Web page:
U.S. companies present on the Internet are much more active in seeking and using trade credit than the typical U.S. business, according to a research study released earlier this year by Dun & Bradstreet.
According to a news release from Dun & Bradstreet, D&B sampled about 218,000 U.S. companies with a presence on the Internet from a base of over 665,000, and compared them with approximately 500,000 randomly selected businesses of similar size from its database of 11 million U.S. businesses.
A company is "Internet-present" if it has a Web site or an Internet-domain name registration.
According to the D&B statistical study, Internet-present companies are younger and larger than the typical U.S. company. Internet-present companies are generally less than 10 years old and half of them have at least 10 employees.
In contrast, companies in the general business universe are typically 14 years old and only 18 percent of them have 10 or more employees.
"The research points to an Internet group that, in addition to being younger, relies much more heavily on the use of trade credit," said Susan Garavaglia, assistant vice president of analytical services at D&B, in the release.
"The group makes use of trade credit twice as frequently as other firms, and the amount of credit used is over three times higher than average. These are young, aggressive companies and they may be using the credit to support more rapid growth or they may just need the funds to survive," Garavaglia added.
In the study D&B matched its U.S. business data against Internet data on nearly 1.3 million .com, .net, .org, .edu, and .gov top-level U.S. domains and found half of the domains, or about 665,000, were non-businesses.
The states with the highest number of Internet sites per capita are the District of Columbia, New Hampshire, Massachusetts, Colorado, California, Vermont, Connecticut, Oregon, Washington and Minnesota. The states with the fewest Internet sites per-capita are South Dakota, Wyoming, Louisiana, Alabama, North Dakota, Kentucky, South Carolina, Arkansas, Mississippi and West Virginia.
"We find that states with high median household income also tend to have high levels of Internet-sites per capita," Garavaglia said. "Of the 10 states with the highest numbers of Internet-sites per capita, nine of them are also in the top half of states on the basis of median household income. In sharp contrast, all 10 states with the lowest numbers of Internet sites per capita are in the bottom half in household income.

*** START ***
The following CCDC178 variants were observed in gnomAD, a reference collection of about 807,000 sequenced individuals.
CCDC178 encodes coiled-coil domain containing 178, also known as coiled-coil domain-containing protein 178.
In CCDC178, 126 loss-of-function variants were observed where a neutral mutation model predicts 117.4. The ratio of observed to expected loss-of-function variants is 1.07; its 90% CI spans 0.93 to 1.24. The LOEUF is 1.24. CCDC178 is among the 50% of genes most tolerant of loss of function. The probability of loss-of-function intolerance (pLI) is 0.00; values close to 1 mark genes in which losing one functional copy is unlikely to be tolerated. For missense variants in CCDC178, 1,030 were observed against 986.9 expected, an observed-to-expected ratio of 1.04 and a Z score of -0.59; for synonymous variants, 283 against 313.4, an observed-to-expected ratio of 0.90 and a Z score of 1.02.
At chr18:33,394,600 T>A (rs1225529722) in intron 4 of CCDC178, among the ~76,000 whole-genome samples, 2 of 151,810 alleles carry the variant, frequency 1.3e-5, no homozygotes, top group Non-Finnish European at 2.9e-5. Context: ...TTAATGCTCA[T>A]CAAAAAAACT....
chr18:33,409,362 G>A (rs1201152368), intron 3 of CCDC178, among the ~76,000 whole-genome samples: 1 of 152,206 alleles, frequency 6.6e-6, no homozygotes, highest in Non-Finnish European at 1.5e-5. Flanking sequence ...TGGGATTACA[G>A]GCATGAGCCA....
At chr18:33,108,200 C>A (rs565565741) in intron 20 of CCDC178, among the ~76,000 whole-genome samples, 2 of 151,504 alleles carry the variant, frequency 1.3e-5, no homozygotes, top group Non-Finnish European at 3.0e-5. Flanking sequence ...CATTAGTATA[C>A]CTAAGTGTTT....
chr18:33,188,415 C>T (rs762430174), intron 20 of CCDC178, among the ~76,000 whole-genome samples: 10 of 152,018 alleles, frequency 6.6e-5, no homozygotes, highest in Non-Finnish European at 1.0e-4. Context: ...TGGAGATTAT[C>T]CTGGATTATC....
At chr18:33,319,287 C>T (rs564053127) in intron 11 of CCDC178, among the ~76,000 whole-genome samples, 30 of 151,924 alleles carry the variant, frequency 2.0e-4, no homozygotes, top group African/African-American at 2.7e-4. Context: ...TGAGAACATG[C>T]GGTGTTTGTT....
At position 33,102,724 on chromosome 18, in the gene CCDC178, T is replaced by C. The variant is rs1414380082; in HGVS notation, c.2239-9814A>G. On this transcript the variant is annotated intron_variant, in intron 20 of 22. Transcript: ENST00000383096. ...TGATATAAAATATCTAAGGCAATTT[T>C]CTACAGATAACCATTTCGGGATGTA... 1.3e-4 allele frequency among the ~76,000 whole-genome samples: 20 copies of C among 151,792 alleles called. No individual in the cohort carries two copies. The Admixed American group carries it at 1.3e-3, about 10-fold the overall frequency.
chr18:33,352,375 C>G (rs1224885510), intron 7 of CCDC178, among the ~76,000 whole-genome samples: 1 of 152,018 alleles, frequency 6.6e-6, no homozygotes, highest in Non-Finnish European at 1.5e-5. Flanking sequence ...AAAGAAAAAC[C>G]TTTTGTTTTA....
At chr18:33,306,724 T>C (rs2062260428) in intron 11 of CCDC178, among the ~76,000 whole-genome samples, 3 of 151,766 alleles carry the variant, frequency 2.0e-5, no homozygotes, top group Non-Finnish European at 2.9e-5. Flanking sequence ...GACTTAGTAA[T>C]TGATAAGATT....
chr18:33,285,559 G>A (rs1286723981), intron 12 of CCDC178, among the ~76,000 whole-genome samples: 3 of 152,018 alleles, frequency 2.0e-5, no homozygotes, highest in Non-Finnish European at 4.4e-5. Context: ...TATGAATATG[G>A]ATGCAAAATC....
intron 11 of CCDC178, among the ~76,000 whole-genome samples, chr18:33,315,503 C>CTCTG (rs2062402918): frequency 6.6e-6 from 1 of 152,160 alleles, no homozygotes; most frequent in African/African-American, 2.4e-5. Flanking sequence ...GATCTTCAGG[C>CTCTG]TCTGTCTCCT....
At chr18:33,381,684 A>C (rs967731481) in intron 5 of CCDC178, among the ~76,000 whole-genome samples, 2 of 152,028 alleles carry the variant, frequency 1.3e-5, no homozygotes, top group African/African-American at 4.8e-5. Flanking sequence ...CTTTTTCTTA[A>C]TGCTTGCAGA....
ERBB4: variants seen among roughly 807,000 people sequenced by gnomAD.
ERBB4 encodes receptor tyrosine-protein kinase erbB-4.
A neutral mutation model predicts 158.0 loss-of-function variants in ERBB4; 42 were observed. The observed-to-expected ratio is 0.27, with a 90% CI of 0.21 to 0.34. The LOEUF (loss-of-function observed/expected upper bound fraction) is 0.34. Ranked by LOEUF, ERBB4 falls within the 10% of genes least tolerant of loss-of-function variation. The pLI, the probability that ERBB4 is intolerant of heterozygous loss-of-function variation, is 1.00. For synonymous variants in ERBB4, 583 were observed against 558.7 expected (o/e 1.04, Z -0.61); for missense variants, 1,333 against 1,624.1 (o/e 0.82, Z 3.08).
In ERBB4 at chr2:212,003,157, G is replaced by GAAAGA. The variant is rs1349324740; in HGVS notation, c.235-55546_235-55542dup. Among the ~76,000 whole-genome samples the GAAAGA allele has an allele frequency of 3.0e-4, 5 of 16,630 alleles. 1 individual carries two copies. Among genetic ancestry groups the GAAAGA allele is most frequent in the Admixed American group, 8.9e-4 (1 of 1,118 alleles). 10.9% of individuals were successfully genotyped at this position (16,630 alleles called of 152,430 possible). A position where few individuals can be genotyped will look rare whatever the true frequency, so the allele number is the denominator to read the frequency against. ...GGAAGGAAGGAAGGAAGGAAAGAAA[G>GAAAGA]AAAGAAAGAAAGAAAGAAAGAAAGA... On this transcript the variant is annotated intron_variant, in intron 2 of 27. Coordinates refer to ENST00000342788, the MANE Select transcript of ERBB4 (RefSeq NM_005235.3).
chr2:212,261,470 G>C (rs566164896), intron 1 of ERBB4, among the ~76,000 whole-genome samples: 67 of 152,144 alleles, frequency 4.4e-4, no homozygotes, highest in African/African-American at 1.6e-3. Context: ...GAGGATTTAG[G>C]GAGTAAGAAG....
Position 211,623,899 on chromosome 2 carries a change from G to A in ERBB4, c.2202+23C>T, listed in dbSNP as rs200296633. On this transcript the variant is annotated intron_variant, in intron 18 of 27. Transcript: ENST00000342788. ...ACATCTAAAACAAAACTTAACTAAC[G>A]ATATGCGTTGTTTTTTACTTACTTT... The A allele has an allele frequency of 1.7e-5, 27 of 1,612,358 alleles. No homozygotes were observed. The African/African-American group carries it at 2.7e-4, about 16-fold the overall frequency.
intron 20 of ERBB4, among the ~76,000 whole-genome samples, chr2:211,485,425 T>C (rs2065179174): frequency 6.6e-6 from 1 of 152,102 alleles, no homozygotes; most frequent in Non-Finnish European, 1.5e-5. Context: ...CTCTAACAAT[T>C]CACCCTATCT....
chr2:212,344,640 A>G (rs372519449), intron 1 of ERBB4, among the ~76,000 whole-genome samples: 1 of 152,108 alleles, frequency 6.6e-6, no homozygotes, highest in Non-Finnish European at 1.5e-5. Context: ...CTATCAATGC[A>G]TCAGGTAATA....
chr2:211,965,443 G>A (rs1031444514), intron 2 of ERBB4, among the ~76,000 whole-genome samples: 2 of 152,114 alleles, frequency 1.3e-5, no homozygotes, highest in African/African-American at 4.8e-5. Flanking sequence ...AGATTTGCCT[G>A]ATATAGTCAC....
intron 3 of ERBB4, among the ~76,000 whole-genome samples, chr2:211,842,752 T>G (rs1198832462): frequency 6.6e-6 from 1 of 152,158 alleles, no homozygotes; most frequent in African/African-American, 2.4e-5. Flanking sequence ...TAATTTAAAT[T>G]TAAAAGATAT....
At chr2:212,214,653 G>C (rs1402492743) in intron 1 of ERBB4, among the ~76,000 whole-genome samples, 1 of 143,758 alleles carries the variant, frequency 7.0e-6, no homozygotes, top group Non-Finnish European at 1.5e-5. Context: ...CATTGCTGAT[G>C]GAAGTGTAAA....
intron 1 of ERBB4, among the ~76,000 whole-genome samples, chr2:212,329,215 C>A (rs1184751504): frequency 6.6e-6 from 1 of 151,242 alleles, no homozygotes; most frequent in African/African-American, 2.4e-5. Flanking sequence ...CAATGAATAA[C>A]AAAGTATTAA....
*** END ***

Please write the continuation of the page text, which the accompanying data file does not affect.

"States with higher incomes tend to have higher education levels and high-tech job markets. These are the same kinds of factors that are likely to attract the companies and types of businesses that would be present on the Internet."
The research also found companies with Internet presence cross all industries and geographic regions in the United States. Not surprisingly, the largest penetrations of Internet-present companies are in industries such as information retrieval services, computer programming services, prepackaged software, other computer-related services, communications services, and periodicals publishing and book publishing.
Garavaglia said that the younger companies in these industries probably started off with Internet capabilities and now consider it a business necessity.
"There are few surprises as to what type of companies have embraced Internet technology. They are predominantly businesses that operate in high-tech fields. Their Web sites provide them with a 24-hour international showcase for their products and services," Garavaglia said.
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